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Caffeine and Placebo Improved Maximal Exercise Performance Despite Unchanged Motor Cortex Activation and Greater Prefrontal Cortex Deoxygenation

Pires, Flavio O and Anjos, Carlos A and Covolan, Roberto J and Fontes, Eduardo B and Noakes, Timothy D and St Clair Gibson, Alan and Magalhães, Fernando H and Ugrinowitsch, Carlos (2018) 'Caffeine and Placebo Improved Maximal Exercise Performance Despite Unchanged Motor Cortex Activation and Greater Prefrontal Cortex Deoxygenation.' Frontiers in Physiology. ISSN 1664-042X

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Abstract

Caffeine (CAF) is an ergogenic aid used to improve exercise performance. Independent studies have suggested that caffeine (CAF) may have the ability to increase corticospinal excitability, thereby decreasing the motor cortex (MC) activation required to generate a similar motor output. However, CAF has also been suggested to induce a prefrontal cortex (PFC) deoxygenation. Others have suggested that placebo (PLA) may trigger comparable effects to CAF, as independent studies found PLA effects on motor performance, corticospinal excitability and PFC oxygenation. Thus, we investigated if CAF and CAF-perceived PLA may improve motor performance, despite the likely unchanged MC activation and greater PFC deoxygenation. Nine participants (26.4 ± 4.8 years old, VO2MAX of 42.2 ± 4.6 mL.kg-1.min-1) performed three maximal incremental tests (MIT) in control (no supplementation) and ~60 min after CAF and PLA ingestion. PFC oxygenation (near-infrared spectroscopy at Fp1 position), MC activation (EEG at Cz position) and vastus lateralis and rectus femoris muscle activity (EMG) were measured throughout the tests. Compared to control, CAF and PLA increased rectus femoris muscle EMG (P = 0.030; F = 2.88; d = 0.84) at 100% of the MIT, and enhanced the peak power output (P = 0.006; F = 12.97; d = 1.8) and time to exhaustion (P = 0.007; F = 12.97; d = 1.8). In contrast, CAF and PLA did not change MC activation, but increased the PFC deoxygenation as indicated by the lower O2Hb (P = 0.001; F = 4.68; d = 1.08) and THb concentrations (P = 0.01; F = 1.96; d = 0.7) at 80% and 100% the MIT duration. These results showed that CAF and CAF-perceived PLA had the ability to improve motor performance, despite unchanged MC activation and greater PFC deoxygenation. The effectiveness of CAF as ergogenic aid to improve MIT performance was challenged.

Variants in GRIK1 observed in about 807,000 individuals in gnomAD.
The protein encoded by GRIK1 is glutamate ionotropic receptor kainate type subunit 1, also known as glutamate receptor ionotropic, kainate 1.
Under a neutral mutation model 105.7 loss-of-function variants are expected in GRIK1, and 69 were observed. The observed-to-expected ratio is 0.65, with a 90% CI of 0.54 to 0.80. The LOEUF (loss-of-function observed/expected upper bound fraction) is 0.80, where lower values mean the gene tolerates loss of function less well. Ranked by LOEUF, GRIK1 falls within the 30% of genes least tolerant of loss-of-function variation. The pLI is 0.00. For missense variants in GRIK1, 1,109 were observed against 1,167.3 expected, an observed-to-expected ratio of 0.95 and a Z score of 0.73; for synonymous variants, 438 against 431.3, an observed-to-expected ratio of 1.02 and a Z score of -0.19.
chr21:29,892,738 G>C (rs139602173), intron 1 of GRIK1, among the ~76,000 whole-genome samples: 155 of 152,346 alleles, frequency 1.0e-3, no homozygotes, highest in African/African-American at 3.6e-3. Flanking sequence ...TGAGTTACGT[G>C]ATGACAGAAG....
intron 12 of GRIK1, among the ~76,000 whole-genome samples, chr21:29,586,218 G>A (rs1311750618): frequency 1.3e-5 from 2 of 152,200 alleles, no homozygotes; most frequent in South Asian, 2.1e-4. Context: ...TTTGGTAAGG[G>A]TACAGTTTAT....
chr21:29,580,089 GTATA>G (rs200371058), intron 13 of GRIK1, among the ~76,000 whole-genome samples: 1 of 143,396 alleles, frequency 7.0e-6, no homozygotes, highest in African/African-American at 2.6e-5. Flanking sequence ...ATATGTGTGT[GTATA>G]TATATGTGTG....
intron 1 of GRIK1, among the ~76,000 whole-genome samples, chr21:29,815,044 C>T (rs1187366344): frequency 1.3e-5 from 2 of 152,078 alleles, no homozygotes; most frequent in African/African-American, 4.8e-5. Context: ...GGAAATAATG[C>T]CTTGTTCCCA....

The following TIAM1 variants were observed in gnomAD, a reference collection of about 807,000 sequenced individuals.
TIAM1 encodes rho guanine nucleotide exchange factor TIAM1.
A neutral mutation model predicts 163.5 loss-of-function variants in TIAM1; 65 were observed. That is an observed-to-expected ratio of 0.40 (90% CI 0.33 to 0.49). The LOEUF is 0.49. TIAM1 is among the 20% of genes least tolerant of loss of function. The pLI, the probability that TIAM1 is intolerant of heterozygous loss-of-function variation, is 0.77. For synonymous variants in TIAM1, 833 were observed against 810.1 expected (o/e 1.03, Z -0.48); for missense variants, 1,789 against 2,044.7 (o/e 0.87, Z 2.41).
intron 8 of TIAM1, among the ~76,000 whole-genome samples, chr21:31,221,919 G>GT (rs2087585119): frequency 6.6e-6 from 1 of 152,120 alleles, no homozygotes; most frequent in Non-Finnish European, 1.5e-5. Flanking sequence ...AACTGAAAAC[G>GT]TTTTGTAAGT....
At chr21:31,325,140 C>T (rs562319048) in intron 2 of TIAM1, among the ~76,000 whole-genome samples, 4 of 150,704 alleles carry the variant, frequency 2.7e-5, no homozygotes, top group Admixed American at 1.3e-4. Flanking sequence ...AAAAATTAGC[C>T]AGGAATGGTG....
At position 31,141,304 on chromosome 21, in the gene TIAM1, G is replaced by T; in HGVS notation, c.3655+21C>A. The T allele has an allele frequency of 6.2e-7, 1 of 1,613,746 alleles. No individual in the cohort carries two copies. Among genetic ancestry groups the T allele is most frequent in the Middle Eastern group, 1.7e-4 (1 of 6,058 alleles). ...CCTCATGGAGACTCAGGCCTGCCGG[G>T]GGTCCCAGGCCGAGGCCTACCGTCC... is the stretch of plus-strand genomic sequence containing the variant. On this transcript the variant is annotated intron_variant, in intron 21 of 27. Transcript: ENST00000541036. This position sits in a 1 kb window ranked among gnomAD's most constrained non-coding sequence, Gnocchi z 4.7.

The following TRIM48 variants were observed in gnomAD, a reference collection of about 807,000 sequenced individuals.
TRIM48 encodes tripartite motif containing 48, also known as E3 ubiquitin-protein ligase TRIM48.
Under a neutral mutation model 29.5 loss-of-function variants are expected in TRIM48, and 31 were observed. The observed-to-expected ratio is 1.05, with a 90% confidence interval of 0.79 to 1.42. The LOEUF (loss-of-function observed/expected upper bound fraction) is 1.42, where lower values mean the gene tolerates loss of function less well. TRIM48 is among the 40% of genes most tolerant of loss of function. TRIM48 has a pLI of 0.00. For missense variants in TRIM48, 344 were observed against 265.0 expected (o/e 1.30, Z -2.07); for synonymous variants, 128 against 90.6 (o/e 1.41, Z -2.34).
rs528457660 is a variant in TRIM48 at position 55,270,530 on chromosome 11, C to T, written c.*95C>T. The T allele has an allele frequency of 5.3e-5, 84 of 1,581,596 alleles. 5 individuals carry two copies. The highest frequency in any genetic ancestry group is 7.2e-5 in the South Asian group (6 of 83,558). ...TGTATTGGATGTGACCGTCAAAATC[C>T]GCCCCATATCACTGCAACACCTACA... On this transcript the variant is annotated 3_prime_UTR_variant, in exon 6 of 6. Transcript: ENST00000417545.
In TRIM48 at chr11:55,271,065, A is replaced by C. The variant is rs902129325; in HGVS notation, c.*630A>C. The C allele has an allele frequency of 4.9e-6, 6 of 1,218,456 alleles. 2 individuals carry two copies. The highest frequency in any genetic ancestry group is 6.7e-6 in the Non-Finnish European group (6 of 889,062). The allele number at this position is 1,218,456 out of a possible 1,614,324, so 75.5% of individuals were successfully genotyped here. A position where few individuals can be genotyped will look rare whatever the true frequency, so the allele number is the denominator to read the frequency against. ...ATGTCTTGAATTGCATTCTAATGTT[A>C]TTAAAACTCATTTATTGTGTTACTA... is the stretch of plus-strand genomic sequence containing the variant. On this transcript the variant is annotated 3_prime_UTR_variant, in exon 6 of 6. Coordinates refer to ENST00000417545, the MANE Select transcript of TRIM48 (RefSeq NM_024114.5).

Item Type: Article
Uncontrolled Keywords: brain regulation, prefrontal cortex, performance, fatigue, VO2MAX
Subjects: Q Science > QP Physiology
Divisions: Faculty of Science and Health > Sport, Rehabilitation and Exercise Sciences, School of
Depositing User: Elements
Date Deposited: 20 Aug 2018 11:43
Last Modified: 20 Aug 2018 11:43
URI: http://repository.essex.ac.uk/id/eprint/22854

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